Embrace core sources of American strength:
For decades, our ability to ensure our security and promote our values rested on the global embrace of Americans, admiration of our democratic institutions, and a willingness to accept our leadership with the expectation that it would serve the global good. In the past seven years conservatives have squandered or ignored our most precious assets, and we need to reclaim them. Projecting America's core values abroad is key to reversing this and successfully implementing a sustainable progressive foreign policy.

Value our moral authority and credibility:
Americans care deeply about our values and expect our leaders to reflect them. We must lead so that others will follow. In the absence of our moral authority and credibility, our allies won't send troops to Afghanistan, critical multilateral initiatives to address terrorism or reduce the threat of nuclear weapons will flounder, our business partners will no longer welcome our investments, and people struggling for freedom will no longer believe that we share their values. The restoration of our international prestige and global reputation establishes the foundation for an effectual foreign policy future.

Use all our tools -- tackle complex problems with smart, comprehensive solutions: Americans know instinctively that our lives are connected with the lives of others, and that we're at our best when we work with others to tackle the most difficult problems - tracking terrorists across borders, preventing the spread of nuclear weapons, fighting diseases like smallpox and AIDS, and stopping global warming. Our political leaders must reflect these realities we know about ourselves, and should be expected to foster cooperation to serve our interests and values.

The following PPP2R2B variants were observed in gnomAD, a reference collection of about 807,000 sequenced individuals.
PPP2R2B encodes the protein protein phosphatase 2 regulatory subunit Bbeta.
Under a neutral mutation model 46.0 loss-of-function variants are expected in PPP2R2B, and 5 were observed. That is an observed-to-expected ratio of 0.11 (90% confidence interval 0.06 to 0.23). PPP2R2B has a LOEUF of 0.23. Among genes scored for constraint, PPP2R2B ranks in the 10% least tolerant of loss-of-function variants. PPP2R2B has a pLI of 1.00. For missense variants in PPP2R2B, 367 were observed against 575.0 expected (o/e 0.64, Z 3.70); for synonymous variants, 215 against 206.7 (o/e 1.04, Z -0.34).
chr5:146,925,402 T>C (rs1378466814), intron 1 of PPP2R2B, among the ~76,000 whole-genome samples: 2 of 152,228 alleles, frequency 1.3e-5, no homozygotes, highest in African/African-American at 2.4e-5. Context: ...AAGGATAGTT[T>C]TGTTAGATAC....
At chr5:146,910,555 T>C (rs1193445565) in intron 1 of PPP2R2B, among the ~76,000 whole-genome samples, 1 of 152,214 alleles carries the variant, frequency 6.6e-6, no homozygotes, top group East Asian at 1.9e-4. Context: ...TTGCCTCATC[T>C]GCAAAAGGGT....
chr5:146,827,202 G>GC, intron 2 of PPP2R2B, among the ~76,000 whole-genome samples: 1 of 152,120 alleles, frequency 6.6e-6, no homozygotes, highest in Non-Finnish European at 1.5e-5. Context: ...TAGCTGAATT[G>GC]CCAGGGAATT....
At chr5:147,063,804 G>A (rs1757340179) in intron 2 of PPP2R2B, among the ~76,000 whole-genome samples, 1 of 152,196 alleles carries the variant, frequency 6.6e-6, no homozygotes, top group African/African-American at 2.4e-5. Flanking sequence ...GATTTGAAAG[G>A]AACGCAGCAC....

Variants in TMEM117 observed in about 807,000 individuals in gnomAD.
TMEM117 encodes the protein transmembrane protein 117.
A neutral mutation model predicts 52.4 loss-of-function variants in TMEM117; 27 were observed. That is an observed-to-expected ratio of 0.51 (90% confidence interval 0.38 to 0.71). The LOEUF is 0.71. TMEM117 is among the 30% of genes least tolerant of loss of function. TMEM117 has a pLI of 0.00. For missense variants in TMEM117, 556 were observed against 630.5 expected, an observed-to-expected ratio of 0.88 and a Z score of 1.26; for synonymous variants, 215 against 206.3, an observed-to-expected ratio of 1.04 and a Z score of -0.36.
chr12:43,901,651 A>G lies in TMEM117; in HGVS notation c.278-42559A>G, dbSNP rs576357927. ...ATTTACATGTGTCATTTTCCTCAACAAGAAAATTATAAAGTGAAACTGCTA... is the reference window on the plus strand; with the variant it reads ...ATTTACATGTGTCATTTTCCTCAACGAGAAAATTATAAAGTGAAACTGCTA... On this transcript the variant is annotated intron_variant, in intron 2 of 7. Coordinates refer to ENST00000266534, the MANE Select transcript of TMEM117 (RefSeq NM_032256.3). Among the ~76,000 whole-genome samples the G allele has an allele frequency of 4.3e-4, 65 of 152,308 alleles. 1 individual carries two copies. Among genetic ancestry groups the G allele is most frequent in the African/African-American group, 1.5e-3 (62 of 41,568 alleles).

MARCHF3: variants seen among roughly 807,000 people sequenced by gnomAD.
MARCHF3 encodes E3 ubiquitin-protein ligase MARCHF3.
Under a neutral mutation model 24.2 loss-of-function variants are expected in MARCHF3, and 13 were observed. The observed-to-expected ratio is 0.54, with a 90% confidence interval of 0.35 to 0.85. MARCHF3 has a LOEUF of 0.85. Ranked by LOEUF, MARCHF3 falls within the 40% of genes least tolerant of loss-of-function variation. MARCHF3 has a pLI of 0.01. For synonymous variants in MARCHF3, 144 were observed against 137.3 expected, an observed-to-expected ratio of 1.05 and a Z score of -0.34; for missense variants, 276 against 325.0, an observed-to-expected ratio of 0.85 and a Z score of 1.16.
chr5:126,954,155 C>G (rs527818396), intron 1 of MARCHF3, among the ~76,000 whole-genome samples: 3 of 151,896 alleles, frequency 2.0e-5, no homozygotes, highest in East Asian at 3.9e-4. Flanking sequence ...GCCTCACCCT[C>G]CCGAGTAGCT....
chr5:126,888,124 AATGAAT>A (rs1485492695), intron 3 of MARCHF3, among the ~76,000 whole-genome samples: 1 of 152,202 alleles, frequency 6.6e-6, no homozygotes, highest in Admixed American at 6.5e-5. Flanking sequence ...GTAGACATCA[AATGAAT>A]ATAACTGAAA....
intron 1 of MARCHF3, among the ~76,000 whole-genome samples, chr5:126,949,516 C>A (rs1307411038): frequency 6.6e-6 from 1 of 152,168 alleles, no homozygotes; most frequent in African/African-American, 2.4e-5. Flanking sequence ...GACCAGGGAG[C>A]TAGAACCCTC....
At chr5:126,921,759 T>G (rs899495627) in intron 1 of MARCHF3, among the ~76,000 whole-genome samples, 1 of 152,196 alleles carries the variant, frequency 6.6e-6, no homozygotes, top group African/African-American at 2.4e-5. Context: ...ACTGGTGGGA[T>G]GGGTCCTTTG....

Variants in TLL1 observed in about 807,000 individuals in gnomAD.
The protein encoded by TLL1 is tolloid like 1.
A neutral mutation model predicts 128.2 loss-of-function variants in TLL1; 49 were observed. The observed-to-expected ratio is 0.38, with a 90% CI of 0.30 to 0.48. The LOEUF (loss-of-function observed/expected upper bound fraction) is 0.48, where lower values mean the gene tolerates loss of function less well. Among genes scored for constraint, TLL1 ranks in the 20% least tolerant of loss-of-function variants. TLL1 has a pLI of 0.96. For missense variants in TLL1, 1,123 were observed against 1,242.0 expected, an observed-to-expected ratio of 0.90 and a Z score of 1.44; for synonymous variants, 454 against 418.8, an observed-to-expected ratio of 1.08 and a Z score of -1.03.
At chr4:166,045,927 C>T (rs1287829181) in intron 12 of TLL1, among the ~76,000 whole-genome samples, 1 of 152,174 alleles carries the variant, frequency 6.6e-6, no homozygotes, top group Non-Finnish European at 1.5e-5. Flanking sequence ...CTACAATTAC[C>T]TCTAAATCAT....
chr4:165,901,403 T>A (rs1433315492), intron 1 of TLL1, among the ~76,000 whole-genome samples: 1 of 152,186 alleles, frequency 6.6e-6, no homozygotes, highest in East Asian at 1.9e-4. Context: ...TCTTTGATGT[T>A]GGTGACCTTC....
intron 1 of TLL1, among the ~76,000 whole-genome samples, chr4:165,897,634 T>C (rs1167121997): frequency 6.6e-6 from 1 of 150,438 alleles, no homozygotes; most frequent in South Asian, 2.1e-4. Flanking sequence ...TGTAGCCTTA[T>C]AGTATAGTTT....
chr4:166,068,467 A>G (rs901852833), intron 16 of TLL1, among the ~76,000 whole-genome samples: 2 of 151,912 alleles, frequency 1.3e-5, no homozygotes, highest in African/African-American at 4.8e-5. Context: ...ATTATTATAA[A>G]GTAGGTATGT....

Demonstrate good stewardship of our military might -- respect and transform the military: Our mix of military capabilities must be rebalanced away from the structures of the last century and toward missions like counterterrorism, counter-insurgency, and homeland defense. America's greatest military asset is our men and women in uniform. Maintaining a strong volunteer military means meeting the needs of those who serve - better training and equipment for soldiers in the field, proper care for family members, and better health care for veterans. Strong national security should not be hindered by mismanagement and corruption. That means more stringent oversight on how money is spent, and better accountability.

As Americans across the country and in every walk of life examine with increased interest these critical issues this year, we believe this project forms a central piece of a new progressive foreign policy for America and fosters a fresh, progressive approach to national security. Our hope is that this revives advocacy and establishes a fundamental progressive education, providing a blueprint from which our nation can once again be a fair but firm presence in the world.